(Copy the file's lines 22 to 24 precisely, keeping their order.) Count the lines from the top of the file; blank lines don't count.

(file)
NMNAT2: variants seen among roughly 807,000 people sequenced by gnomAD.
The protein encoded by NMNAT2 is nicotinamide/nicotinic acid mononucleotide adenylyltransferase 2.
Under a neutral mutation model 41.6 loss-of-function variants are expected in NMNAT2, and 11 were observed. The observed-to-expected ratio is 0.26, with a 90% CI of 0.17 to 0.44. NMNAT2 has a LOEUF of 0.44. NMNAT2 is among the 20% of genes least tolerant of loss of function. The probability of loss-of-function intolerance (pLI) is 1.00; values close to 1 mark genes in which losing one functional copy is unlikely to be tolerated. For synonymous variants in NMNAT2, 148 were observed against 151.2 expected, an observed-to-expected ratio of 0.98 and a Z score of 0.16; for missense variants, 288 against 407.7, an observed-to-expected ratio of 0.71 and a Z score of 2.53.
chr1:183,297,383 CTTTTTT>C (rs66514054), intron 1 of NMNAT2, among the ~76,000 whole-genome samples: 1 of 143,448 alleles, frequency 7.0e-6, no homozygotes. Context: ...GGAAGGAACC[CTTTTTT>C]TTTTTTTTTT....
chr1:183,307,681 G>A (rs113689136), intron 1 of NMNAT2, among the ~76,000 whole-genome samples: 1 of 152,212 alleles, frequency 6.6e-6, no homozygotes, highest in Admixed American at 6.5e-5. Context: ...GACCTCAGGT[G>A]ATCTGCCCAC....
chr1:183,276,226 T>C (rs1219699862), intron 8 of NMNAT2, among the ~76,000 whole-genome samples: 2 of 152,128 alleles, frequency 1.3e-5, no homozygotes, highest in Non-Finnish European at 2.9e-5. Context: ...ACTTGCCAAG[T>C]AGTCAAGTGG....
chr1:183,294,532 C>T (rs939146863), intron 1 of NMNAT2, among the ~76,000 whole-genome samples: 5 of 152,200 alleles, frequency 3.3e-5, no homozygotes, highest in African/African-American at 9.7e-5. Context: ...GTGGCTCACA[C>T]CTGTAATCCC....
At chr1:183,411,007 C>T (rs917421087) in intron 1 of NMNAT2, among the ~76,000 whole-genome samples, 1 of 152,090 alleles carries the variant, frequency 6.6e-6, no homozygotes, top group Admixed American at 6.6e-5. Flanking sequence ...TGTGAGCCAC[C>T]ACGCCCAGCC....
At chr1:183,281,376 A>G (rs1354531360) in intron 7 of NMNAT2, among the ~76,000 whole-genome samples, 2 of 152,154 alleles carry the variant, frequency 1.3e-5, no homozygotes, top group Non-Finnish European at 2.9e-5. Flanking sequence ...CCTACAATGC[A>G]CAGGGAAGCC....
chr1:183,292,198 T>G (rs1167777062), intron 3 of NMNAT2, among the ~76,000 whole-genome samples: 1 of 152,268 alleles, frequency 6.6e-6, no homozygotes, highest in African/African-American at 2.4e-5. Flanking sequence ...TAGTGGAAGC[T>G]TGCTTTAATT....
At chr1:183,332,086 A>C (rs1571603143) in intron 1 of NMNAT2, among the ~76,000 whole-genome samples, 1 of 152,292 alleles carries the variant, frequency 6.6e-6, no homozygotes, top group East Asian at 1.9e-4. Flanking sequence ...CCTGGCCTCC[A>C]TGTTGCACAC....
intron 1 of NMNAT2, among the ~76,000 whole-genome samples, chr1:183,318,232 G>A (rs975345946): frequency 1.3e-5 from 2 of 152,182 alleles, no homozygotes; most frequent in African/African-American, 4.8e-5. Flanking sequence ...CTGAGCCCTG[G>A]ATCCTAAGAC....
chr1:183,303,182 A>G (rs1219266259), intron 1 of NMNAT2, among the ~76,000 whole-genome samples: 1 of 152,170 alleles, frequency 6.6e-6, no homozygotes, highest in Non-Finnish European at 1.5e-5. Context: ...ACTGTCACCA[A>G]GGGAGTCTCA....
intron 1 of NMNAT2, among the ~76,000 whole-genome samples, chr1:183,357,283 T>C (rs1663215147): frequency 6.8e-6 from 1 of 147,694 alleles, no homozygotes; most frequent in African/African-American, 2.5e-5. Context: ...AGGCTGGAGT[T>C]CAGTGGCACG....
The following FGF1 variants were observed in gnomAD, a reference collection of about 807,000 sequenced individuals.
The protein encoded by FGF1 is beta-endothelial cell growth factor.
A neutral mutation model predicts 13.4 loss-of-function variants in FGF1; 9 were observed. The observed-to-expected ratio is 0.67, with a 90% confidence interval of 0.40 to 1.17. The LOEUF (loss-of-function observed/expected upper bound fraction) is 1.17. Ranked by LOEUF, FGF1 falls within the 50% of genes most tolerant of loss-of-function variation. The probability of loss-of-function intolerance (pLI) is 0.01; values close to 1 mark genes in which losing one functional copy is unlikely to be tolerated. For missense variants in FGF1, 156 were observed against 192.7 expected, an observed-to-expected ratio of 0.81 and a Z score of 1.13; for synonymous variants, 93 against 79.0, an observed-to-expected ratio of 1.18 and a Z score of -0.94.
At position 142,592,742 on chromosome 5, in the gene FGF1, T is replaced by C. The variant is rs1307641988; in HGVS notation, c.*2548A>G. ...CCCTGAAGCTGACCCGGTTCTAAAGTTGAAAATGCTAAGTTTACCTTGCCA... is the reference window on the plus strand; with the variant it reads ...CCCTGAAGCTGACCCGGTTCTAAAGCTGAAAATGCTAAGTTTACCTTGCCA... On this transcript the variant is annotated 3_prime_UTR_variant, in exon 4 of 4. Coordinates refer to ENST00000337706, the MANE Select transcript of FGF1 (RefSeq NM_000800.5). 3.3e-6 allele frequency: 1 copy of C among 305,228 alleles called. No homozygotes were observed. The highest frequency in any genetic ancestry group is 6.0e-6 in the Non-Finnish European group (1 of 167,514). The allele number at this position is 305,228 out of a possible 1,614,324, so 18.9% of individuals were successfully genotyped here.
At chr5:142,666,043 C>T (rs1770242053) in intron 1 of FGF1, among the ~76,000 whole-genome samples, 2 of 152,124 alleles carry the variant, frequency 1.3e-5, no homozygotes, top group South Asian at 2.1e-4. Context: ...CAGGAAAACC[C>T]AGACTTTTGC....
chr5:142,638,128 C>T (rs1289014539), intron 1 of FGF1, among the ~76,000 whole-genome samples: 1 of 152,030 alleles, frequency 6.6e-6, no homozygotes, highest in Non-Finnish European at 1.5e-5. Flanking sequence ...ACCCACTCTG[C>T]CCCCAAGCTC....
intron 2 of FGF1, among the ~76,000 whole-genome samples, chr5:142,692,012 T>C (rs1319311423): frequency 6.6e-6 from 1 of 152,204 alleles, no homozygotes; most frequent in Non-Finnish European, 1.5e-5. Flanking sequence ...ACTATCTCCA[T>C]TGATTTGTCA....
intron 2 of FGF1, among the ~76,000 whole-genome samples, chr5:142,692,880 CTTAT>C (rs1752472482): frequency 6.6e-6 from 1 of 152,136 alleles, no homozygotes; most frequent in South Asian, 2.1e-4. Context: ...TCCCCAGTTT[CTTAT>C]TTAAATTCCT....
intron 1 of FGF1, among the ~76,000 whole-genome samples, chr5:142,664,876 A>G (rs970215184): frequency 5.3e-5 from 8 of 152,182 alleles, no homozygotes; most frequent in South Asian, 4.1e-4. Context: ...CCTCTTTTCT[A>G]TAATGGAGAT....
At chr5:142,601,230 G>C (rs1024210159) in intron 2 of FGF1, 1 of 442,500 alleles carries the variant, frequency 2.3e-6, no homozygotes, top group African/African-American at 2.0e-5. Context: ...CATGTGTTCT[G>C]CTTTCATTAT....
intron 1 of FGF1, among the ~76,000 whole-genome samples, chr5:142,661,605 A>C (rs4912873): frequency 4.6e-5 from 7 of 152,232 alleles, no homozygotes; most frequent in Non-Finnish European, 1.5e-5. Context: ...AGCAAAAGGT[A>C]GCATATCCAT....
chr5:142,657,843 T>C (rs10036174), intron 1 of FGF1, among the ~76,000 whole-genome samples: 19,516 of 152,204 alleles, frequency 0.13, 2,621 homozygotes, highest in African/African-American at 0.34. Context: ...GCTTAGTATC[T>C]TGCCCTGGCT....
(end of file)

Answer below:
intron 2 of FGF1, among the ~76,000 whole-genome samples, chr5:142,692,880 CTTAT>C (rs1752472482): frequency 6.6e-6 from 1 of 152,136 alleles, no homozygotes; most frequent in South Asian, 2.1e-4. Context: ...TCCCCAGTTT[CTTAT>C]TTAAATTCCT....
intron 1 of FGF1, among the ~76,000 whole-genome samples, chr5:142,664,876 A>G (rs970215184): frequency 5.3e-5 from 8 of 152,182 alleles, no homozygotes; most frequent in South Asian, 4.1e-4. Context: ...CCTCTTTTCT[A>G]TAATGGAGAT....
At chr5:142,601,230 G>C (rs1024210159) in intron 2 of FGF1, 1 of 442,500 alleles carries the variant, frequency 2.3e-6, no homozygotes, top group African/African-American at 2.0e-5. Context: ...CATGTGTTCT[G>C]CTTTCATTAT....